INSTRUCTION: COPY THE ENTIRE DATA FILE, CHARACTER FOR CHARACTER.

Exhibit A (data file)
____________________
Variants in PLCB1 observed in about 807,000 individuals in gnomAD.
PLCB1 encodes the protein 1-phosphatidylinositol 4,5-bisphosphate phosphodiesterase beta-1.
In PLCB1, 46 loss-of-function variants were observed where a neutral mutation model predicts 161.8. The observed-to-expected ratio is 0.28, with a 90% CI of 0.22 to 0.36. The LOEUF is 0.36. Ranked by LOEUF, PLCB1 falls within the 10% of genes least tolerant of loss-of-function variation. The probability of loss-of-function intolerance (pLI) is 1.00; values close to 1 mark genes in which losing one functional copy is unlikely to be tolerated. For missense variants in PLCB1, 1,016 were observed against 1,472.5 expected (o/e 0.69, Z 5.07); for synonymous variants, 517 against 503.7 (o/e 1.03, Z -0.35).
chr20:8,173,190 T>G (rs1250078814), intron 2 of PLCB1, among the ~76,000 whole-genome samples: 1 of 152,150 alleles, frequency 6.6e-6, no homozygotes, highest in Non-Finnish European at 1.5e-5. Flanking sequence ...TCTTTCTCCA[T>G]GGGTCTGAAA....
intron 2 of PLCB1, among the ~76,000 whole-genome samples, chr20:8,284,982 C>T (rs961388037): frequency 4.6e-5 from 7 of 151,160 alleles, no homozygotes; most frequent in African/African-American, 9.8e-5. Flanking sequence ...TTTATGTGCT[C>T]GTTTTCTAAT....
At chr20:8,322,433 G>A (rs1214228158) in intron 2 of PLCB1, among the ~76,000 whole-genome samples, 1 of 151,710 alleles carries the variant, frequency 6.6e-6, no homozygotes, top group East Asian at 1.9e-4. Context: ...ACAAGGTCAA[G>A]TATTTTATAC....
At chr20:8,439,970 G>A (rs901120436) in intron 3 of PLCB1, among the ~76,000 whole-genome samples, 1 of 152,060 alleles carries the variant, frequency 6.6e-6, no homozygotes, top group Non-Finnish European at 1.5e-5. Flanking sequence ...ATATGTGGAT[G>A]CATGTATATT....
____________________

Variants in PLCB1 observed in about 807,000 individuals in gnomAD.
PLCB1 encodes the protein 1-phosphatidylinositol 4,5-bisphosphate phosphodiesterase beta-1.
In PLCB1, 46 loss-of-function variants were observed where a neutral mutation model predicts 161.8. The observed-to-expected ratio is 0.28, with a 90% CI of 0.22 to 0.36. The LOEUF is 0.36. Ranked by LOEUF, PLCB1 falls within the 10% of genes least tolerant of loss-of-function variation. The probability of loss-of-function intolerance (pLI) is 1.00; values close to 1 mark genes in which losing one functional copy is unlikely to be tolerated. For missense variants in PLCB1, 1,016 were observed against 1,472.5 expected (o/e 0.69, Z 5.07); for synonymous variants, 517 against 503.7 (o/e 1.03, Z -0.35).
chr20:8,173,190 T>G (rs1250078814), intron 2 of PLCB1, among the ~76,000 whole-genome samples: 1 of 152,150 alleles, frequency 6.6e-6, no homozygotes, highest in Non-Finnish European at 1.5e-5. Flanking sequence ...TCTTTCTCCA[T>G]GGGTCTGAAA....
intron 2 of PLCB1, among the ~76,000 whole-genome samples, chr20:8,284,982 C>T (rs961388037): frequency 4.6e-5 from 7 of 151,160 alleles, no homozygotes; most frequent in African/African-American, 9.8e-5. Flanking sequence ...TTTATGTGCT[C>T]GTTTTCTAAT....
At chr20:8,322,433 G>A (rs1214228158) in intron 2 of PLCB1, among the ~76,000 whole-genome samples, 1 of 151,710 alleles carries the variant, frequency 6.6e-6, no homozygotes, top group East Asian at 1.9e-4. Context: ...ACAAGGTCAA[G>A]TATTTTATAC....
At chr20:8,439,970 G>A (rs901120436) in intron 3 of PLCB1, among the ~76,000 whole-genome samples, 1 of 152,060 alleles carries the variant, frequency 6.6e-6, no homozygotes, top group Non-Finnish European at 1.5e-5. Flanking sequence ...ATATGTGGAT[G>A]CATGTATATT....